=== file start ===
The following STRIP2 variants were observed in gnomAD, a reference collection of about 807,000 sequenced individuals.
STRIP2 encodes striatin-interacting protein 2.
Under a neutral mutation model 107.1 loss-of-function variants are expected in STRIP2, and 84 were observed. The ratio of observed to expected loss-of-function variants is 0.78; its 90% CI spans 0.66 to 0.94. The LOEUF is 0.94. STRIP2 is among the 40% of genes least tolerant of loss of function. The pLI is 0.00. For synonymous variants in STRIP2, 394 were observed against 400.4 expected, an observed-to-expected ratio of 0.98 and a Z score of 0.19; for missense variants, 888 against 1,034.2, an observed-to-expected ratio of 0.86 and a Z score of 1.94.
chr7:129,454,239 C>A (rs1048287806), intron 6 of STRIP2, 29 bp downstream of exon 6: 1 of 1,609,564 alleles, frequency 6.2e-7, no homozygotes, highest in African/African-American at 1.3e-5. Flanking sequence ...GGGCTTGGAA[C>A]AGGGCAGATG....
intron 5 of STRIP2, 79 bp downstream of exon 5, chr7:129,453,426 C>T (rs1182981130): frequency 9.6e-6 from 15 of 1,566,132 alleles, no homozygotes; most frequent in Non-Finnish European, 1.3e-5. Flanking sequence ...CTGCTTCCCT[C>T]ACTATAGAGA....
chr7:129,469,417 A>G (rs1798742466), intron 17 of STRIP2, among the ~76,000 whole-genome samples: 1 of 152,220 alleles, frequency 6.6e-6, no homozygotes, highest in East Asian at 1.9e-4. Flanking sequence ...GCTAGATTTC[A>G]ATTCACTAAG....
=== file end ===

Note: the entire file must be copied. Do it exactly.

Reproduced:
The following STRIP2 variants were observed in gnomAD, a reference collection of about 807,000 sequenced individuals.
STRIP2 encodes striatin-interacting protein 2.
Under a neutral mutation model 107.1 loss-of-function variants are expected in STRIP2, and 84 were observed. The ratio of observed to expected loss-of-function variants is 0.78; its 90% CI spans 0.66 to 0.94. The LOEUF is 0.94. STRIP2 is among the 40% of genes least tolerant of loss of function. The pLI is 0.00. For synonymous variants in STRIP2, 394 were observed against 400.4 expected, an observed-to-expected ratio of 0.98 and a Z score of 0.19; for missense variants, 888 against 1,034.2, an observed-to-expected ratio of 0.86 and a Z score of 1.94.
chr7:129,454,239 C>A (rs1048287806), intron 6 of STRIP2, 29 bp downstream of exon 6: 1 of 1,609,564 alleles, frequency 6.2e-7, no homozygotes, highest in African/African-American at 1.3e-5. Flanking sequence ...GGGCTTGGAA[C>A]AGGGCAGATG....
intron 5 of STRIP2, 79 bp downstream of exon 5, chr7:129,453,426 C>T (rs1182981130): frequency 9.6e-6 from 15 of 1,566,132 alleles, no homozygotes; most frequent in Non-Finnish European, 1.3e-5. Flanking sequence ...CTGCTTCCCT[C>T]ACTATAGAGA....
chr7:129,469,417 A>G (rs1798742466), intron 17 of STRIP2, among the ~76,000 whole-genome samples: 1 of 152,220 alleles, frequency 6.6e-6, no homozygotes, highest in East Asian at 1.9e-4. Flanking sequence ...GCTAGATTTC[A>G]ATTCACTAAG....